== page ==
The Wife of Martin Guerre

Janet Lewis (Author)
Available

Description

The Wife of Martin Guerre-based on a notorious trial in sixteenth-century France-is "one of the most significant short novels in English" (Atlantic Monthly). Originally published in 1941, it still raises questions about identity, belonging, and about an individual's capacity to act within an inflexible system.

Product Details

Price
$14.34
Publisher
Swallow Press
Publish Date
July 15, 2013
Pages
116
Dimensions
5.34 X 0.29 X 7.98 inches | 0.33 pounds
Language
English
Type
Paperback
EAN/UPC
9780804011433
BISAC Categories:

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About the Author

Janet Lewis was a novelist, poet, and short-story writer whose literary career spanned almost the entire twentieth century. The New York Times has praised her novels as "some of the 20th century's most vividly imagined and finely wrought literature." Born and educated in Chicago, she lived in California for most of her adult life and taught at both Stanford University and the University of California at Berkeley. Her works include The Wife of Martin Guerre (1941), The Trial of Sören Qvist (1947), The Ghost of Monsieur Scarron (1959), Good-Bye, Son and Other Stories (1946), and Poems Old and New (1982).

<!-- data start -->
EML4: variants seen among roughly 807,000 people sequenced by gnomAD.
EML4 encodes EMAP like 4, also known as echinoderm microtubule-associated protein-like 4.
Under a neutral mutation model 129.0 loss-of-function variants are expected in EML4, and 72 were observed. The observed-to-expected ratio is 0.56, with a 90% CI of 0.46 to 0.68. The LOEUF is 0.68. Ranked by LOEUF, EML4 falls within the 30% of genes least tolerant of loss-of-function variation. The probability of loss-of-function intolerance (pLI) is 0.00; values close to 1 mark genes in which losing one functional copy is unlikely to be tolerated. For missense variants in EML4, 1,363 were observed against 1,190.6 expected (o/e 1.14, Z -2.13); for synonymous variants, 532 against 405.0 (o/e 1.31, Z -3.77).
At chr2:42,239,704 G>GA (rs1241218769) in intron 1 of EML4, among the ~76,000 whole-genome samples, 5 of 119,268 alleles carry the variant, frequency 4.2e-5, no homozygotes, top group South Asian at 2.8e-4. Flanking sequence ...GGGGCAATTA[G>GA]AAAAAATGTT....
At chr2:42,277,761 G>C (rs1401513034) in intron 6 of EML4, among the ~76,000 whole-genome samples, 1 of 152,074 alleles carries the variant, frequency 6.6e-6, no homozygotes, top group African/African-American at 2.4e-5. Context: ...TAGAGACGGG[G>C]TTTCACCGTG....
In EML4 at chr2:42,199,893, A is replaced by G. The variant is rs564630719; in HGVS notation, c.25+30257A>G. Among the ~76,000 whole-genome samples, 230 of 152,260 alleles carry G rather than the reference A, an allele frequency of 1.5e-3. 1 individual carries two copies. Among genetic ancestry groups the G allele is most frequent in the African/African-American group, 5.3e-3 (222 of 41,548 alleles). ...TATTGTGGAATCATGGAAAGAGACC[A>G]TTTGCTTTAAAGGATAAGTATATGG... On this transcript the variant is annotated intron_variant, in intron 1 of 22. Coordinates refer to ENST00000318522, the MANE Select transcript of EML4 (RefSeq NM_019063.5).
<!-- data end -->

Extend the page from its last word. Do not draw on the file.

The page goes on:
Reviews

"Lewis wrote her vibrant novella in 1941 as the first in her Cases of Circumstantial Evidence trilogy, which Swallow Press has brought back into print. The mystery here is not Martin's identity, but why Janet Lewis remains obscure."--NewPages
"Flaubertian in the elegance of its form and the gravity of its style."--The New Yorker
"Ohio University Press/Swallow Press is reissuing all three novels in Lewis's Cases of Circumstantial Evidence series in new editions with fancy new covers. They're gorgeous."--The Book Haven
"One of (the short novel's) most perfect examples is Janet Lewis's The Wife of Martin Guerre."--Michael Dirda, The Washington Post
"Janet Lewis brings the haunting qualities of fable to this novella, based on a legal case that attracted wide attention in 16th-century France and has continued to fascinate down through the years."

-- Ron Hansen, The Wall Street Journal
"One of the most significant short novels in English."

-- Atlantic Monthly